Contact: Amy Hasenberg, (608) 266-2839
Gov. Walker: Honors Wisconsin’s fallen law enforcement officers at 28th Annual Law Enforcement Memorial Ceremony
MADISON – Governor Scott Walker honored Wisconsin’s law enforcement officers today at the 28th Annual Wisconsin Law Enforcement Memorial Ceremony on the State Capitol grounds. Governor Walker presented a wreath on behalf of the people of Wisconsin to honor those who gave their lives in the service of others.“Wisconsin’s law enforcement officers are on the frontlines every day working to protect our families in every corner of Wisconsin,” said Governor Walker. “Today and every day we should thank our officers for putting the communities they serve above themselves and working to keep our state safe. We stand in full support of our officers and their families.”

The names of Detective Jason Weiland, Trooper Anthony Borostowski, Lieutenant Albert Grosskopf, and Officer Charles Freiherr were added to the Wisconsin Law Enforcement Memorial today.

  • Detective Jason Weiland, 40, Everest Metropolitan Police Department, was shot and killed while responding to a domestic disturbance and multiple shootings on March 22, 2017. Detective Weiland was an 18-year veteran of law enforcement and had served with the Everest Metropolitan Police Department for 15 years.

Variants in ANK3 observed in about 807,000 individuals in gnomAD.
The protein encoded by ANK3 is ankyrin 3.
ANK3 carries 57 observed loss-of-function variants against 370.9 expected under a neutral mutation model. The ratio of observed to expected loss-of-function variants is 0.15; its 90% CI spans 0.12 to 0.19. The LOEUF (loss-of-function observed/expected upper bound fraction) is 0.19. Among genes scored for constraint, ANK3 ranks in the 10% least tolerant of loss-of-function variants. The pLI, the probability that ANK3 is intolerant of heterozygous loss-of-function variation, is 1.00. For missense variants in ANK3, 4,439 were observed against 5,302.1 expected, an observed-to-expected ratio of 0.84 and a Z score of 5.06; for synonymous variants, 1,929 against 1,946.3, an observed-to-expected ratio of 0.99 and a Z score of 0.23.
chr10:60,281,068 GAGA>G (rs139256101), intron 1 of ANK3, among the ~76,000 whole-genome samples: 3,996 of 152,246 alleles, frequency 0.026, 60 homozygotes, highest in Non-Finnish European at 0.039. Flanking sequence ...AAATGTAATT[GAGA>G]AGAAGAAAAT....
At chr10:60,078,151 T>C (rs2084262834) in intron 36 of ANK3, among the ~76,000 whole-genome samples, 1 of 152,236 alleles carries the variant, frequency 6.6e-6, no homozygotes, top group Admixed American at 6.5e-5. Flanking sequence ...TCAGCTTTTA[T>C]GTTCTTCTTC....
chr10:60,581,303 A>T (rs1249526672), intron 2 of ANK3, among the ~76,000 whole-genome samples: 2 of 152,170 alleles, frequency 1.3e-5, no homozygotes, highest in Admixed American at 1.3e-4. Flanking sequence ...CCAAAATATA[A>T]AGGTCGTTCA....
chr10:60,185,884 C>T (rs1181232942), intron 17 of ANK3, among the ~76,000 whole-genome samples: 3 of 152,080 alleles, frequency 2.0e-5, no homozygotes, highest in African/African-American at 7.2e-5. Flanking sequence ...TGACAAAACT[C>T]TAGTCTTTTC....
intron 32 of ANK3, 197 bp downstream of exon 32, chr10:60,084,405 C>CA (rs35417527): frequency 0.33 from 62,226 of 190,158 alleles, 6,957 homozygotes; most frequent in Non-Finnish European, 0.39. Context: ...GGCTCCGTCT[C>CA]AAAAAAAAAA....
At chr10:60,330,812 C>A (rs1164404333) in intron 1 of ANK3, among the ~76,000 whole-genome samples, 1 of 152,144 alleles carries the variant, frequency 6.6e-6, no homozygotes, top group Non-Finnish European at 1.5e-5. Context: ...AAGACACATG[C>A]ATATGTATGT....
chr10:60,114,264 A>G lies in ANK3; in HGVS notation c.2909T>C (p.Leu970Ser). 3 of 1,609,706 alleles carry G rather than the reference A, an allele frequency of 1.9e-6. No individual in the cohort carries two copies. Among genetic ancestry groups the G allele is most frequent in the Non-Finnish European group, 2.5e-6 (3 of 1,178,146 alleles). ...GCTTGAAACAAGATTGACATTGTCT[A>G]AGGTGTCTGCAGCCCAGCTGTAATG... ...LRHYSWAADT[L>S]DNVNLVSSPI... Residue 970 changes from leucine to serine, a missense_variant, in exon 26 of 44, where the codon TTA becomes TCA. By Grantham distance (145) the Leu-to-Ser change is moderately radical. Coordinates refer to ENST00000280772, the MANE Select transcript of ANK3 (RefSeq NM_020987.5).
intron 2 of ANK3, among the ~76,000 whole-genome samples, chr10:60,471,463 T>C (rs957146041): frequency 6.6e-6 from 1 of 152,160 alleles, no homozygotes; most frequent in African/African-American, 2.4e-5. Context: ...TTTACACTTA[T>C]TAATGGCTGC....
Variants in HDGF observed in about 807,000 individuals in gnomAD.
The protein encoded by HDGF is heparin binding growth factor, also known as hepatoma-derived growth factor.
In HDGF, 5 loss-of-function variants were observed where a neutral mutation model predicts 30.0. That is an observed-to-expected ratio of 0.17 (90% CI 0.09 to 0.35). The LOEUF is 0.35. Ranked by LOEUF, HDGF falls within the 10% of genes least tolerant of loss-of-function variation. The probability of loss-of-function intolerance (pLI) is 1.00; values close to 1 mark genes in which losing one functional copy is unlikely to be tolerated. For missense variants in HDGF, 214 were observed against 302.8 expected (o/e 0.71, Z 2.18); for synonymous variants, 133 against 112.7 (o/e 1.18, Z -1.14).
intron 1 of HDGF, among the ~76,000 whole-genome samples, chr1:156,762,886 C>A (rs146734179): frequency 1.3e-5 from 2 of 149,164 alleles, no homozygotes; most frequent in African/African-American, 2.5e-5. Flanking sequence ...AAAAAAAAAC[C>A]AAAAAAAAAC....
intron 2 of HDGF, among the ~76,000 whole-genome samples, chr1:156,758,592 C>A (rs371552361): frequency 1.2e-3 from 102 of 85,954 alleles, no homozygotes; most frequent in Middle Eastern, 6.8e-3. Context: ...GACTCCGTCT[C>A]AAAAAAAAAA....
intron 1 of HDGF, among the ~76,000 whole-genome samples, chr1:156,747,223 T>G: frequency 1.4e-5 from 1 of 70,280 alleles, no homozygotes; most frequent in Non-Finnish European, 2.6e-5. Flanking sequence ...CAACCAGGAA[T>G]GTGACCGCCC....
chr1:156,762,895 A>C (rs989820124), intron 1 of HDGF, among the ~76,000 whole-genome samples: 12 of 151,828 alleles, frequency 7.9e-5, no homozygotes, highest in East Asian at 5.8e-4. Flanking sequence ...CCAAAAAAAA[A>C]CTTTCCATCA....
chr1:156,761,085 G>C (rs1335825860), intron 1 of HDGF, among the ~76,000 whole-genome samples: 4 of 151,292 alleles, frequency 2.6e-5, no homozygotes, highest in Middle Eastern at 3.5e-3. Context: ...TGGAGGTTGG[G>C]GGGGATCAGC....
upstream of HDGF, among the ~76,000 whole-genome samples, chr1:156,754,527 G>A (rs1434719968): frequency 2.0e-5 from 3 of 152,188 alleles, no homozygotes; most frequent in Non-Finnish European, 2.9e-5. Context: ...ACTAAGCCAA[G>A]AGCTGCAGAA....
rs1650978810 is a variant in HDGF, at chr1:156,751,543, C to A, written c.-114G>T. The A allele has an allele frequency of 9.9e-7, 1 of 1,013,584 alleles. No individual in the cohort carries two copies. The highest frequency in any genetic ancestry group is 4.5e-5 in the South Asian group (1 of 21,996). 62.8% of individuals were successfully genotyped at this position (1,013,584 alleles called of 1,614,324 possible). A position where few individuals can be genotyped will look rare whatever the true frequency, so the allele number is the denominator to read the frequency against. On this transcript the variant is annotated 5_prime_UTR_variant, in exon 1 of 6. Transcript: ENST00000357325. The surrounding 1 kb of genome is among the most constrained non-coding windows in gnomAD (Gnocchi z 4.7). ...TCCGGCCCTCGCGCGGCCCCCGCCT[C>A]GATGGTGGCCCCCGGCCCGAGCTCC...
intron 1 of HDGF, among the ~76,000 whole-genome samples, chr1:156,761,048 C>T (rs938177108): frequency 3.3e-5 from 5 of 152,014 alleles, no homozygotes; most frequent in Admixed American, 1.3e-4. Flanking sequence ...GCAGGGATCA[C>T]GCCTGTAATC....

• Trooper Anthony Borostowski, 34, Wisconsin State Patrol, was killed in a single-vehicle crash while on patrol in the early morning on April 11, 2017. Trooper Borostowski was a member of the Wisconsin Army National Guard and had served with the Wisconsin State Patrol for three years.
  • Lieutenant Albert Grosskopf, Milwaukee Police Department, died following a response to an apartment fire in a four-story building on February 13, 1943.
  • Officer Charles Freiherr, Sheboygan Police Department, was struck and killed by a switch engine as he was checking the rail yard for trespassers on September 6, 1895.

The Wisconsin Law Enforcement Memorial site outside the State Capitol now lists the names of 277 fallen Wisconsin law enforcement officers.

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